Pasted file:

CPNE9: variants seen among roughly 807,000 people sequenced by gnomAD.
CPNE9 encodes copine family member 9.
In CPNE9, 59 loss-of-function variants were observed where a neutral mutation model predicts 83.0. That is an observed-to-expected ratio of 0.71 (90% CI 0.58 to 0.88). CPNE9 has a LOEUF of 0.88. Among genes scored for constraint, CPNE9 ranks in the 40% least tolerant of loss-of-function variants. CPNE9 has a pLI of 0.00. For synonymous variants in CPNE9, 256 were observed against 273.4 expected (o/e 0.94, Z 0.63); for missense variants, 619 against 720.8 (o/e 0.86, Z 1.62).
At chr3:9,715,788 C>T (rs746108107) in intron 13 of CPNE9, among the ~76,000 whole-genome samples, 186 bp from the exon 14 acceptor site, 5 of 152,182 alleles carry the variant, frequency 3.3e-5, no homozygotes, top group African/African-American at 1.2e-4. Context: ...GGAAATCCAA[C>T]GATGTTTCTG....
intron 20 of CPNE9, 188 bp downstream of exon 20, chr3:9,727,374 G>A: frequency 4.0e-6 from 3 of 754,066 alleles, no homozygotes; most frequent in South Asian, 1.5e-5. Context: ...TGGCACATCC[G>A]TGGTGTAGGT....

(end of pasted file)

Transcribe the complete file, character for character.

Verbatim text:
CPNE9: variants seen among roughly 807,000 people sequenced by gnomAD.
CPNE9 encodes copine family member 9.
In CPNE9, 59 loss-of-function variants were observed where a neutral mutation model predicts 83.0. That is an observed-to-expected ratio of 0.71 (90% CI 0.58 to 0.88). CPNE9 has a LOEUF of 0.88. Among genes scored for constraint, CPNE9 ranks in the 40% least tolerant of loss-of-function variants. CPNE9 has a pLI of 0.00. For synonymous variants in CPNE9, 256 were observed against 273.4 expected (o/e 0.94, Z 0.63); for missense variants, 619 against 720.8 (o/e 0.86, Z 1.62).
At chr3:9,715,788 C>T (rs746108107) in intron 13 of CPNE9, among the ~76,000 whole-genome samples, 186 bp from the exon 14 acceptor site, 5 of 152,182 alleles carry the variant, frequency 3.3e-5, no homozygotes, top group African/African-American at 1.2e-4. Context: ...GGAAATCCAA[C>T]GATGTTTCTG....
intron 20 of CPNE9, 188 bp downstream of exon 20, chr3:9,727,374 G>A: frequency 4.0e-6 from 3 of 754,066 alleles, no homozygotes; most frequent in South Asian, 1.5e-5. Context: ...TGGCACATCC[G>A]TGGTGTAGGT....